Substance: When you first started getting into the scene did you know that you wanted to be a DJ/ Producer. Asking because you have been in the scene for awhile its only the last few years we’ve seen you really step up to the plate?

Alex: Nah, wasn’t like I wanted to get into DJing immediately I just liked to head out and party. I had a few friends that showed me the ropes, mixing wise and producing. It wasn’t until about 2006 that I started getting into the tunes, bought some decks and gave it a crack.

Substance: So you started playing electro house and Trance with Kandy at the start of your career and you’ve definitely headed into a more bushy sound, what are you preferring to play at the moment, What’s the Alex experience offering listeners at the moment and where is it heading?

Alex: I’m playing a hybrid of prog trance with definitely a more psy sound. It’s a universal sound, crosses over but it’s definitely got a tough feel to it. On the flip side I do like to get down and dirty and have a bit of fun playing electro house still. I’m definitely pushing the prog psy as my definitive sound though. I’m starting to produce tunes in this vein so that’s where it’s all heading.

Substance: Worst gig experience? If you had five robotic dancing chickens would that have helped the gig?

Alex: I ran an after party for a Substance, nothing worked, it was at Pony, which was a miss-booking in terms of a venue, we were heckled by people that saw us play there the last week, even though that was our first night. At the end of the gig we grabbed our shit and we broke out.

Substance: How important is the crew that you hang with n the EDM?

The support from the guys around in the early days, like the Substance crew was important. More so now my mates like Simon Murphy and Jordz have given me the avenues to get the gigs I’m getting. It’s great to have mates around me doing this cause the main reason I started this was to have fun with my mates.

Substance: Tell me about the beach party you and Simon destroyed New year? By all reports it was just a docile little affair until you and Simon got on and fucked shit up, is it true you laced the water with stimulants?

It was a docile party to begin with and was pretty tame during the day lots of people sitting back relaxing , the sun went down, we started bashing out the prog psy and shit got loose, started rocking it. I wish we could afford to lace water with drugs, unfortunately we are not that rich.

Substance: Use the words “Mint”,  “Fresh” and “slapper” to describe the average situation behind the decks:

Alex: (Laughs) I’d like to think the tunes I play are pretty fresh, I like looking out at the mint chicks on the dance floor until the lights come on and they’re all slappers.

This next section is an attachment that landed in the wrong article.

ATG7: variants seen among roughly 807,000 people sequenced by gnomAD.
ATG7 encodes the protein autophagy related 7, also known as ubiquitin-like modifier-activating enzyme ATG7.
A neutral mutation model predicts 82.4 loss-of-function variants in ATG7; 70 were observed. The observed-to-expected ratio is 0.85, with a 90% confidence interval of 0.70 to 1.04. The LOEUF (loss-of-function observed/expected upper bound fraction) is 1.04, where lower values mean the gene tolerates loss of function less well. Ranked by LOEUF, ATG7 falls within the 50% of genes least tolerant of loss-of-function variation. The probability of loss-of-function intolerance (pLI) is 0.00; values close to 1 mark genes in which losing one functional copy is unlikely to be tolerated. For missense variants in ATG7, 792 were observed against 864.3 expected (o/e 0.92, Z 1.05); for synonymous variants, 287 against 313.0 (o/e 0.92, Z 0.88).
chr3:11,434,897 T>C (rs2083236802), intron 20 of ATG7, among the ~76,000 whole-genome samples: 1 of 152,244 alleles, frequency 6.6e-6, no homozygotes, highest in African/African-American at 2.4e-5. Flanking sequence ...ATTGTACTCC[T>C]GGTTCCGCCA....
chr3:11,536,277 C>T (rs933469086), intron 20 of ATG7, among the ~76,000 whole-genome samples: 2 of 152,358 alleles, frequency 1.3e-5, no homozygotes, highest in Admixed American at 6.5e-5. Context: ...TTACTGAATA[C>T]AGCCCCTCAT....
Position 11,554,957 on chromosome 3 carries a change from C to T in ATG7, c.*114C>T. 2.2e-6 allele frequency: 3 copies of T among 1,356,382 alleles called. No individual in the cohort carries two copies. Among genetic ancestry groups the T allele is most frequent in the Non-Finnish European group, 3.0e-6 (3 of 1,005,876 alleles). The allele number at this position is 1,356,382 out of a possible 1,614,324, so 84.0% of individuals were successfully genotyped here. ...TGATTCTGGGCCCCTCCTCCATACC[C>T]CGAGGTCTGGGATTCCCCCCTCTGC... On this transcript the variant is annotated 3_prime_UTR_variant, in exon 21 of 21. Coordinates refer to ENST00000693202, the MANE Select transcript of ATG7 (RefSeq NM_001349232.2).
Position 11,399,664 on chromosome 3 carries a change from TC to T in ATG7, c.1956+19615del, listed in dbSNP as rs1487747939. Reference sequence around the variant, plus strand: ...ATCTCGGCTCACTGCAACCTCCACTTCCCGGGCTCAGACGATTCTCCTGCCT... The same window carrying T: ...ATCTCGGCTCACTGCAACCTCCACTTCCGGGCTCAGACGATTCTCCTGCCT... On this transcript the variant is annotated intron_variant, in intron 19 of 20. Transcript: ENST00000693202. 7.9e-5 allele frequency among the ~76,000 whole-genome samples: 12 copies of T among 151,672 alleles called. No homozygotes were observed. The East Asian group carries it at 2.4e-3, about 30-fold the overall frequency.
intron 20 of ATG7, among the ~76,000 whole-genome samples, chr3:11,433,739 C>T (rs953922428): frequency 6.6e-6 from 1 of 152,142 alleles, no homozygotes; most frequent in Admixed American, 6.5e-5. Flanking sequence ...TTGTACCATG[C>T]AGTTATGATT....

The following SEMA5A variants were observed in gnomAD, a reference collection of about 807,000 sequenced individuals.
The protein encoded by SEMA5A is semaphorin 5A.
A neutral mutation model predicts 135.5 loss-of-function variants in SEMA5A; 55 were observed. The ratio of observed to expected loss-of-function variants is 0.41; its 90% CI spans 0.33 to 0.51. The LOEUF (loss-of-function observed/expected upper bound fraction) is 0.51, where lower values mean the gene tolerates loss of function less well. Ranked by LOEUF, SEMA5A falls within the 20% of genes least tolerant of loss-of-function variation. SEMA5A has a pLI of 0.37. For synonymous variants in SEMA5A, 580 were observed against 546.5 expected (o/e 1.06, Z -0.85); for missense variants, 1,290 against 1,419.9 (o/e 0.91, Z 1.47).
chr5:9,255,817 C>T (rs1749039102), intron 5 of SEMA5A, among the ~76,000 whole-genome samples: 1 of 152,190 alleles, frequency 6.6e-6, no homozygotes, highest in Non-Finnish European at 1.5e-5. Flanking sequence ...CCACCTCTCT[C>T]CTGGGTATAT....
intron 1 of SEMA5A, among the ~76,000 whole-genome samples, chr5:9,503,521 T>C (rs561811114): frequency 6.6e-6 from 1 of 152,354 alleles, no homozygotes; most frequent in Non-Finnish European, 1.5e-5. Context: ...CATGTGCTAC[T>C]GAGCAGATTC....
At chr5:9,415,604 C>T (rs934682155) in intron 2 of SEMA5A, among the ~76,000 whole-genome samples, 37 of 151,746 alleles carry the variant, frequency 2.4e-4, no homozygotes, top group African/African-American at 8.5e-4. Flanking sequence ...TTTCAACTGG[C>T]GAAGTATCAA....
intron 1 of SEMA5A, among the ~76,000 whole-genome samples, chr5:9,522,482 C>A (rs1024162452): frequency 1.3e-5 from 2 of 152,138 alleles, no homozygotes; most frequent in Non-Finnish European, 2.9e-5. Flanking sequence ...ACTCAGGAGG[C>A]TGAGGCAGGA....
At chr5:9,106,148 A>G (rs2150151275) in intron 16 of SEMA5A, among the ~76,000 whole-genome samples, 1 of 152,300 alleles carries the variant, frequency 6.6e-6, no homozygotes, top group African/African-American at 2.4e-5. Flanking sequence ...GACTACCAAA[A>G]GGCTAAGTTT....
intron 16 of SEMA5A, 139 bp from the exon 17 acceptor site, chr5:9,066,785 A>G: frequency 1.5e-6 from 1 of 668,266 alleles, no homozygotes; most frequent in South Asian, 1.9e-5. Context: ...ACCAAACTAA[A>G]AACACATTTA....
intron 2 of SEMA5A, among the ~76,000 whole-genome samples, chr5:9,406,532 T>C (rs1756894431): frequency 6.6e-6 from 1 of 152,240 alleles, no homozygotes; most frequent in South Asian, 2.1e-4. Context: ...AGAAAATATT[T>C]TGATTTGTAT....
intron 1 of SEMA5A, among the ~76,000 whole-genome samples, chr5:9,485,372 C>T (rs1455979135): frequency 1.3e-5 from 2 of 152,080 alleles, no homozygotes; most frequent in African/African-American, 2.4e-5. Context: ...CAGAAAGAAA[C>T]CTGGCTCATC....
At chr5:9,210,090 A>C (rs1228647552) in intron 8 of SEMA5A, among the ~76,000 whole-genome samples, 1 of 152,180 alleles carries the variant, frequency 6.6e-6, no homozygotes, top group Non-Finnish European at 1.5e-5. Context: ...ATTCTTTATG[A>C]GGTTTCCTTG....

Substance: What is the one artist and or event you would give your left nut for a gig at?

Alex: Rainbow Serpent Open or straight after Neelix, market stage… Go hard or go home!

Substance: You’re really into Neelix?

Alex: Yeah he got me into that prog sound, everytime i see him play he never disappoints, he steered my sound towards a more rounded prog sound, definitely diverted my attention from hard trance.

Substance: So we’re at Sunday Sessions at the Terminus which you run with Simon, what is this all about? Is this the Dr. Jekyll to your Mr. Hyde?

Alex: This is more just for us to have an outlet to hang with our mates, play some chill out hip hop. We just thought it would be a nice change of pace to cross fade some tunes and enjoy a beer garden with a mean parma.

Substance: What’s the biggest problem that the Melbourne EDM is facing and don’t say clubstep!

Alex: I would definitely  say it’s the stigma that some venues still have to partying, more so a throwback to the damage caused by bad crowds and negatively geared press towards the EDM as a whole. Liquor licensing and councils are slowly become more of a problem for venues.

Substance: Whore yourself again, Where are you playing next? What are you upto?

Alex:  I’m playing an electro gig at Hard Kandy, with “The freak” Daniel Johnston going bananas on some tough electro. Then there’s a party coming up in a couple of weeks, ill post it underneath the article…. I’m also playing a two hour prog set down in the Otways in March, that’s going to be a good little doof.


For more info on Alex and upcoming gigs visit his Facebook page.
You can catch him playing every second week at the Sunday Sessions at Terminus Hotel in Abottsford.